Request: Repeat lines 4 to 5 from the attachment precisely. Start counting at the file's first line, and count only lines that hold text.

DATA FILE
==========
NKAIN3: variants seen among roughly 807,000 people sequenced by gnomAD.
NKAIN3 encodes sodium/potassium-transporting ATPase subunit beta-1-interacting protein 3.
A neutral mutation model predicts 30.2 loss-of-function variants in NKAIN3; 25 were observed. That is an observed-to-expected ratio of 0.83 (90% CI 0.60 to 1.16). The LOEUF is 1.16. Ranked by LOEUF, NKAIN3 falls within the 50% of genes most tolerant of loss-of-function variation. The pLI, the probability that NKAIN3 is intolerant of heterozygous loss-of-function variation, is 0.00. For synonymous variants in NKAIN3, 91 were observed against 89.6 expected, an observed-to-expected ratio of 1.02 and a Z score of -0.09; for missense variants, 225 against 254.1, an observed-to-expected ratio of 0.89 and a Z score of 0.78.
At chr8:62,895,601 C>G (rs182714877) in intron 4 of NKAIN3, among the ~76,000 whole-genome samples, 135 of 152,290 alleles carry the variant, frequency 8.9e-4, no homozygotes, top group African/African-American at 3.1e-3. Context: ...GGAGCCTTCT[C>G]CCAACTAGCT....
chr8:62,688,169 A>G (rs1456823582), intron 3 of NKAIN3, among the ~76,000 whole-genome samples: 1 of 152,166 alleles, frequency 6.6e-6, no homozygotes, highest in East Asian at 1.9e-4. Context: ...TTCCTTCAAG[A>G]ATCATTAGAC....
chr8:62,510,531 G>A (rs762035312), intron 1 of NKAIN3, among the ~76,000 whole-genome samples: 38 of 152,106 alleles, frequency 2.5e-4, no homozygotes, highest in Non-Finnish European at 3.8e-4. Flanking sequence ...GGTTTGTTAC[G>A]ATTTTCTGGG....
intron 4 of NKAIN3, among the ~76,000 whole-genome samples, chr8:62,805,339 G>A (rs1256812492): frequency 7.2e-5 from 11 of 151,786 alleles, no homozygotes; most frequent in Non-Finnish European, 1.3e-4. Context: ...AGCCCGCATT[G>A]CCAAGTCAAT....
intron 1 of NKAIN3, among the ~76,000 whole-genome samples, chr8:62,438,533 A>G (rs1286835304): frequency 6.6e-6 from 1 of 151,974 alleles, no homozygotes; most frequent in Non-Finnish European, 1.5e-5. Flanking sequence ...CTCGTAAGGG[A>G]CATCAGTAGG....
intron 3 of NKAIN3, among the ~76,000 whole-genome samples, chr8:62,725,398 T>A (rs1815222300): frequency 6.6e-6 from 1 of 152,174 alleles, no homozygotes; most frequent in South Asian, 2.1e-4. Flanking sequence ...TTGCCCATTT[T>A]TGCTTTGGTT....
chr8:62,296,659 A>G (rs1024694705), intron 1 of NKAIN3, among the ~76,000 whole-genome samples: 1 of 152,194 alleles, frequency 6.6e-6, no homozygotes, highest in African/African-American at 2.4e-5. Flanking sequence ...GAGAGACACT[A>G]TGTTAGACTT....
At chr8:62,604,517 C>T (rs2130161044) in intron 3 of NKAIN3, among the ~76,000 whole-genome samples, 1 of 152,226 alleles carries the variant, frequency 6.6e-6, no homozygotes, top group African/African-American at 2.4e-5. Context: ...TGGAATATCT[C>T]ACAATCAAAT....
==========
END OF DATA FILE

At chr8:62,895,601 C>G (rs182714877) in intron 4 of NKAIN3, among the ~76,000 whole-genome samples, 135 of 152,290 alleles carry the variant, frequency 8.9e-4, no homozygotes, top group African/African-American at 3.1e-3. Context: ...GGAGCCTTCT[C>G]CCAACTAGCT....
chr8:62,688,169 A>G (rs1456823582), intron 3 of NKAIN3, among the ~76,000 whole-genome samples: 1 of 152,166 alleles, frequency 6.6e-6, no homozygotes, highest in East Asian at 1.9e-4. Context: ...TTCCTTCAAG[A>G]ATCATTAGAC....